Australia will want and need to play a meaningful role in mitigating these consequences. This will be a significant load on top of restoring our own economy, but will be crucial to our place in the Asia-Pacific, and should from the start be an integral part of our recovery planning.
In the current issue of “Foreign Affairs” Richard Haass makes the point that crises can accelerate, rather than change, existing tendencies. This applies to a very current issue for Australia—what will the pandemic, and its eventual end, mean for our international environment and priorities? In September 2018, after the fall of the Turnbull government, and against the background of that government’s Foreign Policy White Paper, I set out in “P&I” a possible set of priorities for the new government. These were:—
“1. Do what we can to keep multilateral and regional cooperation, and the institutions that enable it, going as well as possible. That includes the Paris Agreement, the UN machinery and the WTO. We need to accept that “the US engagement to support a rules-based order”, referred to a number of times in the White Paper, unfortunately no longer applies in the unilateralist Trump White House.
- Continue energetically to pursue trade and economic opportunities bilaterally (e.g. bringing the agreement with Indonesia to the point of signature), regionally (TPP11, RCEP) and globally (WTO).
- ……The US sees China as a strategic competitor that seeks to supplant it regionally and economically, and perhaps eventually globally. Influential Chinese say that the US seeks to “crush” it. Given these US-China tensions, one thing we should do is increase our efforts to strengthen our other relationships in the Asia-Pacific, including with the ASEAN and Pacific Forum countries, Japan, South Korea and India…..We should do this without needlessly provoking China, or giving it reason to accuse others of seeking to “contain” it.
4, We should seek to manage our important relationship with China, with all its pros and cons, as well as possible.
- We should seek to do the same thing with our important relationship with the United States, while also making the point, important in present circumstances, that it should not be taken for granted that we will support or be part of every initiative the US might take.”
These still seem relevant.
In regard to the US-China relationship the progress of the pandemic so far has only made things worse. China is defensive about claims that its lack of transparency in the early stages of the infection made possible its transmission abroad, for example to Iran and Europe. According to an article by Ryan Hass and Kevin Dong that appeared in the AFR of 7 April, “Top US officials believe they have a moral imperative to shine a spotlight on the link between China’s negligent initial response and the global spread of the virus”.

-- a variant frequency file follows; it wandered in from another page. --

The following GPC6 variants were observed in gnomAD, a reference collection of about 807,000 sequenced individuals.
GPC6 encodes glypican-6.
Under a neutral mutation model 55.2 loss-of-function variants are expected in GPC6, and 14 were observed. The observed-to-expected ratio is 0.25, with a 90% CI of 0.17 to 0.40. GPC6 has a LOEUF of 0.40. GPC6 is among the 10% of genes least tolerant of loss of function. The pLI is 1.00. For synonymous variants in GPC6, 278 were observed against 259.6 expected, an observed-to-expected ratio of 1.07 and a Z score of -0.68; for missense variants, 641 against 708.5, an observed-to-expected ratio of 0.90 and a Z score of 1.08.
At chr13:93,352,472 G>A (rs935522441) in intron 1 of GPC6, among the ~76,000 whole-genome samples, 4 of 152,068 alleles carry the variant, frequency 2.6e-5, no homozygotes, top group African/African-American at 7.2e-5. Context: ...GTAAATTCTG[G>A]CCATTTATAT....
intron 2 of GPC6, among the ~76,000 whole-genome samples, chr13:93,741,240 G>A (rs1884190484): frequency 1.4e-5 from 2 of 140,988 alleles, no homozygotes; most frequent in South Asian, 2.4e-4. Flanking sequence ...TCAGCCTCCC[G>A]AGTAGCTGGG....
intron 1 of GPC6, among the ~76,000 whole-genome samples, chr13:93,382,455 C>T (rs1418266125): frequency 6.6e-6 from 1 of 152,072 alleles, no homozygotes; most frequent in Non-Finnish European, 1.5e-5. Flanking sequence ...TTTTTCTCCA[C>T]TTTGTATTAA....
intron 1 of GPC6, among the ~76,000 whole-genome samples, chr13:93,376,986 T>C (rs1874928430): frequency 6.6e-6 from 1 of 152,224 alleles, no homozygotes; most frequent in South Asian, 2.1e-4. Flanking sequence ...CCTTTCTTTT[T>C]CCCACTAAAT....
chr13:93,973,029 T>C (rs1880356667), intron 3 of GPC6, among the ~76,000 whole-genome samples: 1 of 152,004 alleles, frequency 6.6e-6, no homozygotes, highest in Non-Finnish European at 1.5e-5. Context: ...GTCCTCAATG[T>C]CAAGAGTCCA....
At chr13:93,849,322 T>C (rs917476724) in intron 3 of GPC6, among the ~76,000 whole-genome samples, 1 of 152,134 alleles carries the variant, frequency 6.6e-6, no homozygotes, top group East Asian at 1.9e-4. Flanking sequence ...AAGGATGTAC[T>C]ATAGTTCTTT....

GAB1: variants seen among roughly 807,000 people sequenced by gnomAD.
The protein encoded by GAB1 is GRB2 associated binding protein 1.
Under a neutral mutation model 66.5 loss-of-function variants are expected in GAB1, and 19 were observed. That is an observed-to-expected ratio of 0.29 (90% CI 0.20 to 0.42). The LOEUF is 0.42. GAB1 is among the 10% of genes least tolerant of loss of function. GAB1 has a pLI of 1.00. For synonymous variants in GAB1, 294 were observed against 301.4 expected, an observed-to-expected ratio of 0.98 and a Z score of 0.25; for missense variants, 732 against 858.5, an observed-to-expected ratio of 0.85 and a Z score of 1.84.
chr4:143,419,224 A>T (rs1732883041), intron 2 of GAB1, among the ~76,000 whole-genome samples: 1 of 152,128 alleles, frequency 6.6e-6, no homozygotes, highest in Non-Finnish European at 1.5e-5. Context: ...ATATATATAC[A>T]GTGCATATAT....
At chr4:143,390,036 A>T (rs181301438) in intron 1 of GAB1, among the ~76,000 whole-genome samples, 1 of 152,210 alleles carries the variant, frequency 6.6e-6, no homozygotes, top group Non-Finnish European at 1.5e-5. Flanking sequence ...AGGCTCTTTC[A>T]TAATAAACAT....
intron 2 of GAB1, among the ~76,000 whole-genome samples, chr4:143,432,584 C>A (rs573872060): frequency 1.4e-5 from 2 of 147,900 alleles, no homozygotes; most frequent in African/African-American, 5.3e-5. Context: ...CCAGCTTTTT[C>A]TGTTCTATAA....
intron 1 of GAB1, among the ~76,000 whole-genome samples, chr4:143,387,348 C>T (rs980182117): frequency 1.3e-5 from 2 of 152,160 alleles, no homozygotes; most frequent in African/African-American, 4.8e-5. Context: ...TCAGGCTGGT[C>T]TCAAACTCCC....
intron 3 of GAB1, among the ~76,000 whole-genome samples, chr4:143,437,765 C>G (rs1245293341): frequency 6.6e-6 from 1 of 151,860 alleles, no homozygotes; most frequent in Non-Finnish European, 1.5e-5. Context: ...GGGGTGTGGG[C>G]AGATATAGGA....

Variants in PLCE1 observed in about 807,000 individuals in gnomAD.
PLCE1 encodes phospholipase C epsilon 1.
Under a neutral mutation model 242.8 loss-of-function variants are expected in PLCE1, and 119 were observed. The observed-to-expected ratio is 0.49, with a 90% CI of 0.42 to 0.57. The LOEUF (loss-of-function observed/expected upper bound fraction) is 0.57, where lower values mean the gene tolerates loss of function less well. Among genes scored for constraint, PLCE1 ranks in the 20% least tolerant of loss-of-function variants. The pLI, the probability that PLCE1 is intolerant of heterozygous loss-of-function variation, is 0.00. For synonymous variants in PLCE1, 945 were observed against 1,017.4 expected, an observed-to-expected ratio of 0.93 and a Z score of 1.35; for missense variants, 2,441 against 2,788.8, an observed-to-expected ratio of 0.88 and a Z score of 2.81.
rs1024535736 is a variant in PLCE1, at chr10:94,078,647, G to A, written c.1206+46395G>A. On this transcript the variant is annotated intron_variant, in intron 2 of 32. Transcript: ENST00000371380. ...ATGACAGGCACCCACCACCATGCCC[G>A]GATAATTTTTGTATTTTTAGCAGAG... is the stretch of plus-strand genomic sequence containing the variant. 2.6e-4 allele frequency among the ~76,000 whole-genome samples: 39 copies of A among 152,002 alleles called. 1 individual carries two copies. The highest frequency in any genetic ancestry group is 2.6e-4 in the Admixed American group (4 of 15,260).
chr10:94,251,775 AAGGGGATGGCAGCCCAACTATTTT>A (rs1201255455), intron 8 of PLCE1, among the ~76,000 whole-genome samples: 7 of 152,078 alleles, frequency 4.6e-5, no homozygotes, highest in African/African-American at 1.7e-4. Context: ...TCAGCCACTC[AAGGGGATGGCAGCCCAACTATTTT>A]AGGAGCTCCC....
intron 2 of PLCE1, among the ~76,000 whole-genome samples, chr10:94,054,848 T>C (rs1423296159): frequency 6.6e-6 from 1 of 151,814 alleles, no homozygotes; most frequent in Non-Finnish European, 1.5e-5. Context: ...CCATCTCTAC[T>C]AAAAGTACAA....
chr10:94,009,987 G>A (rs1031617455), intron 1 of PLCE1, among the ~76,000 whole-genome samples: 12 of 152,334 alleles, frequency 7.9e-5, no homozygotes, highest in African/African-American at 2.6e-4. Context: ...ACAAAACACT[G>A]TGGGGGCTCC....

At the same time President Trump has made himself and his country alternately a laughing stock and a source of despair with his record of wrong and wildly vacillating pronouncements about the progress of the virus in the US; the country as a whole has not impressed with its response to the outbreak; and it is clear that significant economic damage has been done, for example in regard to employment.
Many commentators have concluded that China will emerge from the pandemic in better shape than the US in their geo-political competition, given its powers of state control and mobilisation and its predominant economic position in regard to other Asia-Pacific countries, including Australia. This may be so, but a more basic conclusion is that both will emerge with their reputations damaged, and with damage to their economies and capacities as well.
This makes all the more appropriate the 2018 recommendation that we increase our efforts to strengthen our other relationships in the Asia-Pacific, including with the ASEAN and Pacific Forum countries, Japan, South Korea and India. But those countries too are affected by the pandemic, with grave fears held for Indonesia and India, for example. Others may not be directly affected to the same degree, but countries like Bangladesh and Cambodia, whose economies have recently been growing at impressive rates because of their exports of clothing and textiles, have been seriously thrown off course by the indirect consequences of the pandemic, with export markets drying up. Leading Australian and Indonesian economists have stressed (AFR, April 8) that emerging economies are under unprecedented financial pressure, have seen the largest capital outflows in history, and urgently need lines of credit and support to stave off deep, long-lasting crises.
So there will be plenty to do in the region after the worst of the pandemic is over. Of course there will be plenty to do at home too, particularly given that at the best it will take time for our important education and tourism sectors to recover, and indeed they may never return to pre-virus levels.
But if we are serious about being able to have a significant voice in the affairs of our regions—South East Asia as well as the South Pacific—at a time when simply relying on the United States is less credible as a policy than ever, we will have to step up to assist our neighbours in distress. Inevitably prospective expenditure will be challenged and weighed against domestic needs. But we need to play a part in our regions commensurate with our relative prosperity; and it will be much easier to do this if, from the start, the Government makes such a contribution an integral part of our recovery planning.
Geoff Miller is a former Australian government official and diplomat